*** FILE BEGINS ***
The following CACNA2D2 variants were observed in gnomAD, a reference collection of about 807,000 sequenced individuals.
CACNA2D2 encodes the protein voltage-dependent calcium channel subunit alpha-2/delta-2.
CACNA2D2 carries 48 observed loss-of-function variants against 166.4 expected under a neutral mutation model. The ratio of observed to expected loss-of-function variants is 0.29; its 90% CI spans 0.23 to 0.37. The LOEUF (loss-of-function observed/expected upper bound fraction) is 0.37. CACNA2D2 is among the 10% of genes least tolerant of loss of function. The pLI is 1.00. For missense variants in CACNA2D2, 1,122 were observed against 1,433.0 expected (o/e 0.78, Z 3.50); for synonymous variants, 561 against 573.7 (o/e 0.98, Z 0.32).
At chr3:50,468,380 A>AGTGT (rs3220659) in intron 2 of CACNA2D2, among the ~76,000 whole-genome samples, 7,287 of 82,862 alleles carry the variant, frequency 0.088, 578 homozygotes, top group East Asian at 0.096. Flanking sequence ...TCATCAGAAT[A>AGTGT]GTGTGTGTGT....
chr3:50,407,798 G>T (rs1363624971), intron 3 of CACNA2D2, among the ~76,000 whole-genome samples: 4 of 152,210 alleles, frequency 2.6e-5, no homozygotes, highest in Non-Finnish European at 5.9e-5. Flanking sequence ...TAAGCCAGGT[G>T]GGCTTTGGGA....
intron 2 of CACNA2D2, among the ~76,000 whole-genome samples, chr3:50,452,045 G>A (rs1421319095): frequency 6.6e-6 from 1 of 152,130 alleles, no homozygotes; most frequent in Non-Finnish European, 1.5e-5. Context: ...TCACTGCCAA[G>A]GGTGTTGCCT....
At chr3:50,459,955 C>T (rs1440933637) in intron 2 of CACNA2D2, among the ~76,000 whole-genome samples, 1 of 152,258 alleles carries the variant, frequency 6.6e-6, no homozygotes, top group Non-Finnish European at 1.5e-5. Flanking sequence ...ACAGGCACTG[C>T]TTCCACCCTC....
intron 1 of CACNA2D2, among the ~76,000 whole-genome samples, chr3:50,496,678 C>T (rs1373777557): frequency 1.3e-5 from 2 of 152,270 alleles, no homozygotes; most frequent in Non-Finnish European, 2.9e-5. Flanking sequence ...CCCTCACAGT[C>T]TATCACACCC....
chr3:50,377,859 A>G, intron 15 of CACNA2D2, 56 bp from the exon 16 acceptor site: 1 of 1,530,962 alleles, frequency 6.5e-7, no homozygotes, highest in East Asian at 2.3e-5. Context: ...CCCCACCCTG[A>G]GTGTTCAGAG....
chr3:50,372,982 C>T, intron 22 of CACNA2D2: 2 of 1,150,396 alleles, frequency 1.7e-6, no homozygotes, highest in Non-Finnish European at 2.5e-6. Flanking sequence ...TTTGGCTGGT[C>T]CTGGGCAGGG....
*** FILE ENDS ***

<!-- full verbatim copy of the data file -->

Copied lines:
The following CACNA2D2 variants were observed in gnomAD, a reference collection of about 807,000 sequenced individuals.
CACNA2D2 encodes the protein voltage-dependent calcium channel subunit alpha-2/delta-2.
CACNA2D2 carries 48 observed loss-of-function variants against 166.4 expected under a neutral mutation model. The ratio of observed to expected loss-of-function variants is 0.29; its 90% CI spans 0.23 to 0.37. The LOEUF (loss-of-function observed/expected upper bound fraction) is 0.37. CACNA2D2 is among the 10% of genes least tolerant of loss of function. The pLI is 1.00. For missense variants in CACNA2D2, 1,122 were observed against 1,433.0 expected (o/e 0.78, Z 3.50); for synonymous variants, 561 against 573.7 (o/e 0.98, Z 0.32).
At chr3:50,468,380 A>AGTGT (rs3220659) in intron 2 of CACNA2D2, among the ~76,000 whole-genome samples, 7,287 of 82,862 alleles carry the variant, frequency 0.088, 578 homozygotes, top group East Asian at 0.096. Flanking sequence ...TCATCAGAAT[A>AGTGT]GTGTGTGTGT....
chr3:50,407,798 G>T (rs1363624971), intron 3 of CACNA2D2, among the ~76,000 whole-genome samples: 4 of 152,210 alleles, frequency 2.6e-5, no homozygotes, highest in Non-Finnish European at 5.9e-5. Flanking sequence ...TAAGCCAGGT[G>T]GGCTTTGGGA....
intron 2 of CACNA2D2, among the ~76,000 whole-genome samples, chr3:50,452,045 G>A (rs1421319095): frequency 6.6e-6 from 1 of 152,130 alleles, no homozygotes; most frequent in Non-Finnish European, 1.5e-5. Context: ...TCACTGCCAA[G>A]GGTGTTGCCT....
At chr3:50,459,955 C>T (rs1440933637) in intron 2 of CACNA2D2, among the ~76,000 whole-genome samples, 1 of 152,258 alleles carries the variant, frequency 6.6e-6, no homozygotes, top group Non-Finnish European at 1.5e-5. Flanking sequence ...ACAGGCACTG[C>T]TTCCACCCTC....
intron 1 of CACNA2D2, among the ~76,000 whole-genome samples, chr3:50,496,678 C>T (rs1373777557): frequency 1.3e-5 from 2 of 152,270 alleles, no homozygotes; most frequent in Non-Finnish European, 2.9e-5. Flanking sequence ...CCCTCACAGT[C>T]TATCACACCC....
chr3:50,377,859 A>G, intron 15 of CACNA2D2, 56 bp from the exon 16 acceptor site: 1 of 1,530,962 alleles, frequency 6.5e-7, no homozygotes, highest in East Asian at 2.3e-5. Context: ...CCCCACCCTG[A>G]GTGTTCAGAG....
chr3:50,372,982 C>T, intron 22 of CACNA2D2: 2 of 1,150,396 alleles, frequency 1.7e-6, no homozygotes, highest in Non-Finnish European at 2.5e-6. Flanking sequence ...TTTGGCTGGT[C>T]CTGGGCAGGG....